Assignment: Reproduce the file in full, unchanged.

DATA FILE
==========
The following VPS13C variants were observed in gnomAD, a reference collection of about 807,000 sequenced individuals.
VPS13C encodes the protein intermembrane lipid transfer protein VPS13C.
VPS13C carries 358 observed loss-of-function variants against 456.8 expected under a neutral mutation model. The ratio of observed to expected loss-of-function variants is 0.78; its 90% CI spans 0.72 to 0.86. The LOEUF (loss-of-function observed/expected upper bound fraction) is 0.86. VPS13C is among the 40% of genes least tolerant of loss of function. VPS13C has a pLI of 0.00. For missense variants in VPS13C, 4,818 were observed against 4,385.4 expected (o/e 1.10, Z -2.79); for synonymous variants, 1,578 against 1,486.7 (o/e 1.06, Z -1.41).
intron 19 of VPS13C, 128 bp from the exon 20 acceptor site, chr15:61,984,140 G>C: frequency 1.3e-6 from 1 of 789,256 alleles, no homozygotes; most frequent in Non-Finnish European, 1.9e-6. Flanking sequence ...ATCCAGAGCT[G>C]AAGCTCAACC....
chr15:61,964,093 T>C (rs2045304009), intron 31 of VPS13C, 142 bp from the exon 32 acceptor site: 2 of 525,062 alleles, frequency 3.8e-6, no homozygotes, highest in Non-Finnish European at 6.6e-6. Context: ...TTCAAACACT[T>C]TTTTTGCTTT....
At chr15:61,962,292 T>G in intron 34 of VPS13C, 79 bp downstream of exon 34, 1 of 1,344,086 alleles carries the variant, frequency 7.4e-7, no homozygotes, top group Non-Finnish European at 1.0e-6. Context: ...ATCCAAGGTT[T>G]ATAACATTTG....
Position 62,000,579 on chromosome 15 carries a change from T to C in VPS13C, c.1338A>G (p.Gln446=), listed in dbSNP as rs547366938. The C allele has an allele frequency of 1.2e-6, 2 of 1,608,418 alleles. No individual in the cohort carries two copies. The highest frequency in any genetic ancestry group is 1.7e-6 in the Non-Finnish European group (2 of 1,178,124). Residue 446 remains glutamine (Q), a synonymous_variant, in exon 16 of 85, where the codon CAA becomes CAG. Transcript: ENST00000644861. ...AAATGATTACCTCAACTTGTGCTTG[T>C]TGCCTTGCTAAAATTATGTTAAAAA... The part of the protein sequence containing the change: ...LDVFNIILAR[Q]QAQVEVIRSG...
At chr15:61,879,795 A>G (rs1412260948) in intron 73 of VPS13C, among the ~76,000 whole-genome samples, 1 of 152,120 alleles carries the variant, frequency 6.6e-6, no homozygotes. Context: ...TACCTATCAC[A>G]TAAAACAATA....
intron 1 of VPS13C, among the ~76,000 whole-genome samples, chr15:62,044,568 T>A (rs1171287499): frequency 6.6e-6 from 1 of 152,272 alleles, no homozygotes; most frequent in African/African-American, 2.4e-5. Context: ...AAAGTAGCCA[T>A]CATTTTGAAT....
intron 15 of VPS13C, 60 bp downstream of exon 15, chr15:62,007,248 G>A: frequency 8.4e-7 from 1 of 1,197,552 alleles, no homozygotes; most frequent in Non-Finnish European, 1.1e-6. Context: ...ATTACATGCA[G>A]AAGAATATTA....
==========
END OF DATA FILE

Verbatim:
The following VPS13C variants were observed in gnomAD, a reference collection of about 807,000 sequenced individuals.
VPS13C encodes the protein intermembrane lipid transfer protein VPS13C.
VPS13C carries 358 observed loss-of-function variants against 456.8 expected under a neutral mutation model. The ratio of observed to expected loss-of-function variants is 0.78; its 90% CI spans 0.72 to 0.86. The LOEUF (loss-of-function observed/expected upper bound fraction) is 0.86. VPS13C is among the 40% of genes least tolerant of loss of function. VPS13C has a pLI of 0.00. For missense variants in VPS13C, 4,818 were observed against 4,385.4 expected (o/e 1.10, Z -2.79); for synonymous variants, 1,578 against 1,486.7 (o/e 1.06, Z -1.41).
intron 19 of VPS13C, 128 bp from the exon 20 acceptor site, chr15:61,984,140 G>C: frequency 1.3e-6 from 1 of 789,256 alleles, no homozygotes; most frequent in Non-Finnish European, 1.9e-6. Flanking sequence ...ATCCAGAGCT[G>C]AAGCTCAACC....
chr15:61,964,093 T>C (rs2045304009), intron 31 of VPS13C, 142 bp from the exon 32 acceptor site: 2 of 525,062 alleles, frequency 3.8e-6, no homozygotes, highest in Non-Finnish European at 6.6e-6. Context: ...TTCAAACACT[T>C]TTTTTGCTTT....
At chr15:61,962,292 T>G in intron 34 of VPS13C, 79 bp downstream of exon 34, 1 of 1,344,086 alleles carries the variant, frequency 7.4e-7, no homozygotes, top group Non-Finnish European at 1.0e-6. Context: ...ATCCAAGGTT[T>G]ATAACATTTG....
Position 62,000,579 on chromosome 15 carries a change from T to C in VPS13C, c.1338A>G (p.Gln446=), listed in dbSNP as rs547366938. The C allele has an allele frequency of 1.2e-6, 2 of 1,608,418 alleles. No individual in the cohort carries two copies. The highest frequency in any genetic ancestry group is 1.7e-6 in the Non-Finnish European group (2 of 1,178,124). Residue 446 remains glutamine (Q), a synonymous_variant, in exon 16 of 85, where the codon CAA becomes CAG. Transcript: ENST00000644861. ...AAATGATTACCTCAACTTGTGCTTG[T>C]TGCCTTGCTAAAATTATGTTAAAAA... The part of the protein sequence containing the change: ...LDVFNIILAR[Q]QAQVEVIRSG...
At chr15:61,879,795 A>G (rs1412260948) in intron 73 of VPS13C, among the ~76,000 whole-genome samples, 1 of 152,120 alleles carries the variant, frequency 6.6e-6, no homozygotes. Context: ...TACCTATCAC[A>G]TAAAACAATA....
intron 1 of VPS13C, among the ~76,000 whole-genome samples, chr15:62,044,568 T>A (rs1171287499): frequency 6.6e-6 from 1 of 152,272 alleles, no homozygotes; most frequent in African/African-American, 2.4e-5. Context: ...AAAGTAGCCA[T>A]CATTTTGAAT....
intron 15 of VPS13C, 60 bp downstream of exon 15, chr15:62,007,248 G>A: frequency 8.4e-7 from 1 of 1,197,552 alleles, no homozygotes; most frequent in Non-Finnish European, 1.1e-6. Context: ...ATTACATGCA[G>A]AAGAATATTA....